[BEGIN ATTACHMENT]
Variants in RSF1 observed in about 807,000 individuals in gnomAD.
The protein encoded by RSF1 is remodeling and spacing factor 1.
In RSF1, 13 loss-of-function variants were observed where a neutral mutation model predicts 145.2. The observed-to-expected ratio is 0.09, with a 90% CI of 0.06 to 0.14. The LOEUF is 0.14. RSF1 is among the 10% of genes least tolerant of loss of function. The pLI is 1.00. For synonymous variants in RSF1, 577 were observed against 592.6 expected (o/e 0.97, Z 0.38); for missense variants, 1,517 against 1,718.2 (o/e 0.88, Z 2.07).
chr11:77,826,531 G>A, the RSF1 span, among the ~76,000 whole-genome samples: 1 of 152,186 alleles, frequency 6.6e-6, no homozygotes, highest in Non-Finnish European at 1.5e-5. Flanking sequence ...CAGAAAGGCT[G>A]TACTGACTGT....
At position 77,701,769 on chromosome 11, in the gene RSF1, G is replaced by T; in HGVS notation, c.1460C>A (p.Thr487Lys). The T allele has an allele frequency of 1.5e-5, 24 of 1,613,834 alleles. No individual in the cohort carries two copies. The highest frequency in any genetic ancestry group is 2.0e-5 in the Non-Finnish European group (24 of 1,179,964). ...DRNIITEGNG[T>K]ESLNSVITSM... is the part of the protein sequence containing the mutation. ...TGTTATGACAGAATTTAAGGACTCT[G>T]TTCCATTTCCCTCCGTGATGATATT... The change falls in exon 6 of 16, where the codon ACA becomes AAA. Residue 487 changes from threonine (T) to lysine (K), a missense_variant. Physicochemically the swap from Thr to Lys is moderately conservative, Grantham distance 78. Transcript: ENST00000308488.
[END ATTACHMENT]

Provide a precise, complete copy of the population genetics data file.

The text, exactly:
Variants in RSF1 observed in about 807,000 individuals in gnomAD.
The protein encoded by RSF1 is remodeling and spacing factor 1.
In RSF1, 13 loss-of-function variants were observed where a neutral mutation model predicts 145.2. The observed-to-expected ratio is 0.09, with a 90% CI of 0.06 to 0.14. The LOEUF is 0.14. RSF1 is among the 10% of genes least tolerant of loss of function. The pLI is 1.00. For synonymous variants in RSF1, 577 were observed against 592.6 expected (o/e 0.97, Z 0.38); for missense variants, 1,517 against 1,718.2 (o/e 0.88, Z 2.07).
chr11:77,826,531 G>A, the RSF1 span, among the ~76,000 whole-genome samples: 1 of 152,186 alleles, frequency 6.6e-6, no homozygotes, highest in Non-Finnish European at 1.5e-5. Flanking sequence ...CAGAAAGGCT[G>A]TACTGACTGT....
At position 77,701,769 on chromosome 11, in the gene RSF1, G is replaced by T; in HGVS notation, c.1460C>A (p.Thr487Lys). The T allele has an allele frequency of 1.5e-5, 24 of 1,613,834 alleles. No individual in the cohort carries two copies. The highest frequency in any genetic ancestry group is 2.0e-5 in the Non-Finnish European group (24 of 1,179,964). ...DRNIITEGNG[T>K]ESLNSVITSM... is the part of the protein sequence containing the mutation. ...TGTTATGACAGAATTTAAGGACTCT[G>T]TTCCATTTCCCTCCGTGATGATATT... The change falls in exon 6 of 16, where the codon ACA becomes AAA. Residue 487 changes from threonine (T) to lysine (K), a missense_variant. Physicochemically the swap from Thr to Lys is moderately conservative, Grantham distance 78. Transcript: ENST00000308488.